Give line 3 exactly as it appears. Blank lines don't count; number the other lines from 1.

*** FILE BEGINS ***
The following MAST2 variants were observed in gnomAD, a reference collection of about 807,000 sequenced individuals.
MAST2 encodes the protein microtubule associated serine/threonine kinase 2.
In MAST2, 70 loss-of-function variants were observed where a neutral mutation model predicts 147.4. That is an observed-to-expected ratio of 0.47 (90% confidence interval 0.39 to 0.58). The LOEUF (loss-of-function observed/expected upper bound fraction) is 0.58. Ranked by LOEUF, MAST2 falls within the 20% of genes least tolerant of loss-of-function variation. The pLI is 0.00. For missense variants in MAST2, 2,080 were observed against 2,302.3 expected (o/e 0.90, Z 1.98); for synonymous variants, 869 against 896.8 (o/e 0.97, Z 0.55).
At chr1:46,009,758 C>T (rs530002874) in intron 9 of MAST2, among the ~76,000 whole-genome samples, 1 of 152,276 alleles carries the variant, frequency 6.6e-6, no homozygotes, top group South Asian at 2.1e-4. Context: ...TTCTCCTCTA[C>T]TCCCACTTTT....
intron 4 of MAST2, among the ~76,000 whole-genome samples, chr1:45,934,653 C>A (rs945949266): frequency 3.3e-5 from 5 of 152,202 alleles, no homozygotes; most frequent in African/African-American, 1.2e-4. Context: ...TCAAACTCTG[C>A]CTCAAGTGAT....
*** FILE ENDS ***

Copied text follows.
In MAST2, 70 loss-of-function variants were observed where a neutral mutation model predicts 147.4. That is an observed-to-expected ratio of 0.47 (90% confidence interval 0.39 to 0.58). The LOEUF (loss-of-function observed/expected upper bound fraction) is 0.58. Ranked by LOEUF, MAST2 falls within the 20% of genes least tolerant of loss-of-function variation. The pLI is 0.00. For missense variants in MAST2, 2,080 were observed against 2,302.3 expected (o/e 0.90, Z 1.98); for synonymous variants, 869 against 896.8 (o/e 0.97, Z 0.55).